Montgomery County introduces redistricting plan: WJ community reacts to controversial decision


Photo courtesy of Wikimedia Commons

Montgomery County’s decision has been sparking a lot of controversy among students, teachers and parents throughout the county.

Beatriz Olivares, News Editor

After the Montgomery County Council approved new criteria to disconnect home address from determining a student’s school cluster in a 5-3 vote back in September, questions among the community rose as to how this will affect the community of schools and students in the county.

The new criteria, Policy FAA, prioritizes increasing diversity in schools by busing students in and out of the most affluent school districts in the county. According to Robert Dyer in his blog Robert Dyer @ Bethesda Row, some board members specifically cited students from the “W school clusters” to be bused to different schools around the county. “W schools” refers to students from Walter Johnson, Walt Whitman, Winston Churchill and Thomas W. Wootton. Disconnecting home address from school assignment means that these students may soon be attending a school different than the school they have been historically assigned to, even if they live in the relevant zone.

Policy FAA hopes to further close the achievement gap by increasing diversity in schools where diversity is minimal. For example, -According to US News, Walter Johnson’s student population is comprised of only 0.3% American Indian/Alaskan Native students, 11% Asian students, 10% black students and 17% Hispanics in comparison with the 56% white students. In contrast, a county school housing more diverse income-levels, Northwest High School, has a student population is close in numbers within different cultural groups with 28% black students and 29% white Students.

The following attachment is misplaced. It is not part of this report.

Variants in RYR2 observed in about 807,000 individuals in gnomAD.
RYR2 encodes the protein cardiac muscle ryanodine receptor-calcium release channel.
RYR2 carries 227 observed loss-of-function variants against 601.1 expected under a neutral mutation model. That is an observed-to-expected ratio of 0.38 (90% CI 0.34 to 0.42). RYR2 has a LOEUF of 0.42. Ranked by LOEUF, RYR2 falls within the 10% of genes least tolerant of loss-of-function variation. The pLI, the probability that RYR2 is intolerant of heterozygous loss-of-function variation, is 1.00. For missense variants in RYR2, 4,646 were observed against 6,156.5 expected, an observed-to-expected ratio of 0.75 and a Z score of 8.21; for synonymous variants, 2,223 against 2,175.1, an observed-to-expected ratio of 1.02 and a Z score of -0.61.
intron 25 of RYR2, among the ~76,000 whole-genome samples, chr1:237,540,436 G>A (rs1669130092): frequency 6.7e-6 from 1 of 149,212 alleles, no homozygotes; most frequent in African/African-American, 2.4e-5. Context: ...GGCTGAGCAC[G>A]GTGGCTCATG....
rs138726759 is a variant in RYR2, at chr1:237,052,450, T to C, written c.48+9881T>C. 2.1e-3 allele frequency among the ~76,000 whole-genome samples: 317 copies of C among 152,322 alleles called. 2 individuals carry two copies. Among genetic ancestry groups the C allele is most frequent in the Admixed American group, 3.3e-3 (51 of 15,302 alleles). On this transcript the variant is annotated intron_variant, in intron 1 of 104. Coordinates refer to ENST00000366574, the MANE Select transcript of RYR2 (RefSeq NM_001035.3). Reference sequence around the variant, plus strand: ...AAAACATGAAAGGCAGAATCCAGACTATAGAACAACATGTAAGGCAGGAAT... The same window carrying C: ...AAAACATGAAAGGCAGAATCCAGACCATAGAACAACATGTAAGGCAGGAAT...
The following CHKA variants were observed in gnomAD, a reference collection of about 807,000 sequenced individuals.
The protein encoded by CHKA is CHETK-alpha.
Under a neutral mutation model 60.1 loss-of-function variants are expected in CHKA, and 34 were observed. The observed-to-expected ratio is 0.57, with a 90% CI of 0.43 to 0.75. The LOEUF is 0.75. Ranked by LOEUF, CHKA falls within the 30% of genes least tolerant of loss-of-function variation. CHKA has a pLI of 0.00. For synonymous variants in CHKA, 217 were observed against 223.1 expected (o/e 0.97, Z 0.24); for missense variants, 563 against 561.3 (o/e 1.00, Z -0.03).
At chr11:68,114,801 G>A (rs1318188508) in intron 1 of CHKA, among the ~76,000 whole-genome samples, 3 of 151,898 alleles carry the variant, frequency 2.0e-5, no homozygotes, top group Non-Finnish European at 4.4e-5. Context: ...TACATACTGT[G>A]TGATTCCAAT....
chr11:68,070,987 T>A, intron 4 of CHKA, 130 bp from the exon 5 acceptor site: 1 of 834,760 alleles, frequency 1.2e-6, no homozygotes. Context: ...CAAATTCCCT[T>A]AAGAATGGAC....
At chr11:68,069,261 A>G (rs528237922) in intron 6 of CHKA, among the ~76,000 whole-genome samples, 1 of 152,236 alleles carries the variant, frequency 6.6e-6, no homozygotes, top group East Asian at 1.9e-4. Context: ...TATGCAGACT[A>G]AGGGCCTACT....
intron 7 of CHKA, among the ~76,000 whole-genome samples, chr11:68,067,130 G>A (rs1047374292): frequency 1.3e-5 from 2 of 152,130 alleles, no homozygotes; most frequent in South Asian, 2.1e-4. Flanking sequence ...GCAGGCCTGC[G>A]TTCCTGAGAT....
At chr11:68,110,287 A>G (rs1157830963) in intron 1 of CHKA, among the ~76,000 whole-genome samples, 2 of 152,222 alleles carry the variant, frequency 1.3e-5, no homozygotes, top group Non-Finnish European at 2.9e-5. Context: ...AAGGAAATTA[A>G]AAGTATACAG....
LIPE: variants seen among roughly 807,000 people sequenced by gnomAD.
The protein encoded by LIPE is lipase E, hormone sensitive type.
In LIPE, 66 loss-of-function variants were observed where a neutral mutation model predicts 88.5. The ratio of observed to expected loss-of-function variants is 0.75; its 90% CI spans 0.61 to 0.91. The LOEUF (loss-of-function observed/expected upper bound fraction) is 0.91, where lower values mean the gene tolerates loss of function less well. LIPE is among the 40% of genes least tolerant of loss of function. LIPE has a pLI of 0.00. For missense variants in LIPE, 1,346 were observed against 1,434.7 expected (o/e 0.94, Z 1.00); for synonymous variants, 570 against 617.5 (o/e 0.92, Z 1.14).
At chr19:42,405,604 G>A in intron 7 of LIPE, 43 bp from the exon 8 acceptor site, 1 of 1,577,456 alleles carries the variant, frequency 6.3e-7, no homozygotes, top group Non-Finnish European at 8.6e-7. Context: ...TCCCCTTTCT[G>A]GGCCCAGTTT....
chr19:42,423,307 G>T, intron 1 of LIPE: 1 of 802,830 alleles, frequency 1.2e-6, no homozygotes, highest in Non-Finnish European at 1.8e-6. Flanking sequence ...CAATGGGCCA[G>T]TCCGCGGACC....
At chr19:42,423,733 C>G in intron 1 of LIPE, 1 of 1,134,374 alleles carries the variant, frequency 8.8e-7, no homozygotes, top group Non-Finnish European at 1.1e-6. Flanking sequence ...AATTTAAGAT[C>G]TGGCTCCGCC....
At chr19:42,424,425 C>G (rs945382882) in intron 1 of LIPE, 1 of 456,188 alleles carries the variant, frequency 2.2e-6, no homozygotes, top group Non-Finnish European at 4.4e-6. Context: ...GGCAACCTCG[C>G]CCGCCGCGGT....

“We live within walking distance from WJ. School zones are in place because it’s more convenient in terms of location for the students in the area,” senior Janie Trombley said. “I’m not sure whether the impact will be received well, because a school that’s five minutes away versus 45 minutes away by car seems like a major inconvenience.”

Along with inconvenience of longer commute for students, some have questioned as to how this will factor into or possibly worsen the problems that Montgomery County Public Schools are already facing, like overcrowding.

“I know that people feel very strongly about the area they live in and their school community,” Principal Jennifer Baker said. “I think [the Montgomery County Council] need to [take a closer] look at it because of the overcrowding in certain areas. At the very minimum, they need to figure out how to reduce that in schools.”

Even though this an ongoing issue that has been discussed by the board, no timeline has been set for a plan. The new policy will affect all students and schools in Montgomery County, but Baker assures that her own school policies will remain the same.

“I think as a principal, I serve all the kids that come to my school and to me it doesn’t matter where students come from,” Baker said. “I just want to make sure that everybody has a great opportunity here, feels good about the school, feels safe and that it’s a good learning environment.”

The policy, though approved, is still under review and elections at the county level could ultimately change the course of action for when and if the Montgomery County Council will install the new policy. For updates be sure to check, The Pitch and the Montgomery County Board of Education Website.